Oladele Ogunseitan
“Antibiotics have all but eliminated death from diseases like sepsis, tuberculosis and cholera, but their overuse has resulted in the breeding of superbugs,” says Oladele Ogunseitan, UC Presidential Chair and UCI professor of population health and disease prevention. “The freedom to purchase antibiotics should come with knowledge and responsibility about appropriate use and disposal.” Program in Public Health / UCI

One of the greatest contributions to medicine was Alexander Fleming’s 1928 discovery of the first antibiotic. Penicillin became another great contribution when it was made readily available in 1945, saving the lives of countless soldiers who would have otherwise died from infected wounds during World War II. After more than 75 years of widespread use, however, the bacteria penicillin once so effectively killed have learned how to fight back, and resistant bacteria can be found worldwide in alarming numbers.

According to a comprehensive global study published in The Lancet, there were 1.27 million deaths attributable to antibiotic resistance in 2019, with the U.S. reporting 35,000 fatalities, according to the Centers for Disease Control and Prevention. However, public awareness of this threat to population health remains very low.

“Most people only know about the phenomenon when they are personally affected, or when a family member is battling an antibiotic-resistant infection and they read up on the issue,” says Oladele Ogunseitan, UC Presidential Chair and UCI professor of population health and disease prevention. “But, like the COVID-19 pandemic, this is a shared societal problem. The more we use excess or unnecessary antibiotics in clinical settings or in agriculture, the more likely it is that resistance will spread among bacteria that we need antibiotics to control.”

How it happens

Antibiotic production and resistance are natural processes. Bacteria are microscopic organisms that live in a variety of environments, including soil, oceans, plants and animals, as well as humans. Some, such as probiotics, aid in digestion and help balance bacteria in our intestines, while others, called pathogens, cause disease. Most antibiotics are created as defense mechanisms. Evolution by natural or environmental selection of random mutations occurring in genetic material is common to all organisms. As some microorganisms get better at producing increasingly potent antibiotics, the bacteria generate strains that are more fit for survival and are not killed. Antibiotics will no longer be effective against these resistant strains, known as superbugs.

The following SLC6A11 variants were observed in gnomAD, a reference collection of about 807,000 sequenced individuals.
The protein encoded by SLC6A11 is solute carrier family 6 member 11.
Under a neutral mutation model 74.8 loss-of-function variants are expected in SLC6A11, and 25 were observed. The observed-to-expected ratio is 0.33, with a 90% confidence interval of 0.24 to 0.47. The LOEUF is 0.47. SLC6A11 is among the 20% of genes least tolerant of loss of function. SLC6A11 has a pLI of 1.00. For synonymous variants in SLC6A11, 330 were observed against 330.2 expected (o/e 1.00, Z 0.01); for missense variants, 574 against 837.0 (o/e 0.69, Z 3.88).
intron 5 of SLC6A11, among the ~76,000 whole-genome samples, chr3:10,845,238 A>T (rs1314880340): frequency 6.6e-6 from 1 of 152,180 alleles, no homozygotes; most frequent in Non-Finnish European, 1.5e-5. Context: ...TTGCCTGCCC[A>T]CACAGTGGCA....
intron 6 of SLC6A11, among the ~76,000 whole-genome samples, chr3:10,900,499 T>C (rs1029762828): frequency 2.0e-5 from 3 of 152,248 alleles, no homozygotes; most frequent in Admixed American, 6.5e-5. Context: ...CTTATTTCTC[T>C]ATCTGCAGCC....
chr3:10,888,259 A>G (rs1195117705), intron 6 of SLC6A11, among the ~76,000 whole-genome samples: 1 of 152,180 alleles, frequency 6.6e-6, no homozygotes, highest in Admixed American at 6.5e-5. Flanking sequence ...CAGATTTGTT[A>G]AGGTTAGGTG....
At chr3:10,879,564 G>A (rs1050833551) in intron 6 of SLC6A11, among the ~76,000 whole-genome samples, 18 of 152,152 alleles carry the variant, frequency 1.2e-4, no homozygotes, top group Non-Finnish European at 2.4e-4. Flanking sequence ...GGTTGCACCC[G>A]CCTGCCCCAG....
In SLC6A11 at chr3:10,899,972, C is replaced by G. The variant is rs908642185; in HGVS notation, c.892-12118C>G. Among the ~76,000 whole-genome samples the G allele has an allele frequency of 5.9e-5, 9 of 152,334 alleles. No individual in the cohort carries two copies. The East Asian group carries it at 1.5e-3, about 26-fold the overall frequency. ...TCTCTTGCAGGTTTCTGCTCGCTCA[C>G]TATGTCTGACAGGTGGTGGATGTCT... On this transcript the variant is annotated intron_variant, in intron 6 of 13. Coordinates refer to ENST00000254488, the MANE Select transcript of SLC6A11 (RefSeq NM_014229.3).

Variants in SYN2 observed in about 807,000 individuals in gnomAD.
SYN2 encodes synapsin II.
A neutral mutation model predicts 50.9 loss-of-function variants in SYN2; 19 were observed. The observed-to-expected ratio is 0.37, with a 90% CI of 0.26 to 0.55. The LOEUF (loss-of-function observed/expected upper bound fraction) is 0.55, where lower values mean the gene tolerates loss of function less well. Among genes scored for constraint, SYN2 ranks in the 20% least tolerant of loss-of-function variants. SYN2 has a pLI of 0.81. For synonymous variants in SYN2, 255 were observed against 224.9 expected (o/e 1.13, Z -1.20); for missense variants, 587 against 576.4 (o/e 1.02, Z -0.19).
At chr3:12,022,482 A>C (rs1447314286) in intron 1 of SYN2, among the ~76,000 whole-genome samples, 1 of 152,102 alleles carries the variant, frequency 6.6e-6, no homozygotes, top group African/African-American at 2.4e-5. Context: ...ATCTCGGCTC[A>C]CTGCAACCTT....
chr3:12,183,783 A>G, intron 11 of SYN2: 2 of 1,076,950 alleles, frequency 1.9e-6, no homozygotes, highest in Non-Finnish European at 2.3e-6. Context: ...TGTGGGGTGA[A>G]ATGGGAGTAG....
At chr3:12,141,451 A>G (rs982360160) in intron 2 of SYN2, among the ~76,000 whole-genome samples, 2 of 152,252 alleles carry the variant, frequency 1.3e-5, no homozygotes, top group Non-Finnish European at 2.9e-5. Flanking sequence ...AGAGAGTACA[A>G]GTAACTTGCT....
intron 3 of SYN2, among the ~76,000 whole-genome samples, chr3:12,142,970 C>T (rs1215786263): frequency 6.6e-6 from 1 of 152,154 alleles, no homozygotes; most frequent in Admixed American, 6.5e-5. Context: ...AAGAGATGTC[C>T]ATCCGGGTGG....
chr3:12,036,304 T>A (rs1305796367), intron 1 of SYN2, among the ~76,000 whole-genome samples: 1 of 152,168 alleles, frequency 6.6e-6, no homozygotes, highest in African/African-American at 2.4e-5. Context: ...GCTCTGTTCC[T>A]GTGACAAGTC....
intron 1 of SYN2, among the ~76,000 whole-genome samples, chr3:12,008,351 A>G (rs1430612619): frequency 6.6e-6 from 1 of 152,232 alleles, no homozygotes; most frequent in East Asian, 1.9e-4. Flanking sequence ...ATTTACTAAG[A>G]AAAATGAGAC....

Overprescription of antibiotics, overuse of them in animal food farming and not completing required courses of antibiotics are the primary culprits in creating superbugs. The more bacteria are exposed to antibiotics, the more opportunities they have to learn how to become resistant. If pathogens survive inadequate or incomplete doses, they can reinforce and spread resistance.

Improper disposal of expired or unused antibiotics by flushing them down the toilet can contaminate lakes, streams and oceans, harming fish and wildlife, and they may wind up in our drinking water. Throwing them in the trash can contaminate the soil and groundwater. The safest disposal method is through a drug takeback program or drop-off site.

What can be done

“The most important thing is to prevent infection, and there are very simple hygiene practices that can help,” Ogunseitan says. “These include washing hands with soap and water after using the toilet or touching dirty items, covering our faces when we cough or sneeze, and not eating food that has fallen on the ground. These are all good practices that parents can follow and teach their children at an early age.”

He also advises parents not to pressure healthcare providers to prescribe antibiotics for themselves or their children when they’re not indicated, as they only work on bacterial infections, not viruses such as the common flu. In addition, adults can join in the knowledge and advocacy movement to become better “antibiotic stewards” by learning more and sharing accurate information about appropriate use, as well as promoting no use of antibiotics in farming when animals are not sick.

“We all have a role to play in helping to educate our communities about disease prevention and hygiene,” Ogunseitan says. “At UCI, we are recruiting antibiotic stewards who pledge to increase their own knowledge and share it with others. There is a strong group of faculty and students working on antibiotic resistance on campus, and through our efforts, we hope to strengthen the research, education and translational science framework for combating it regionally and globally.”

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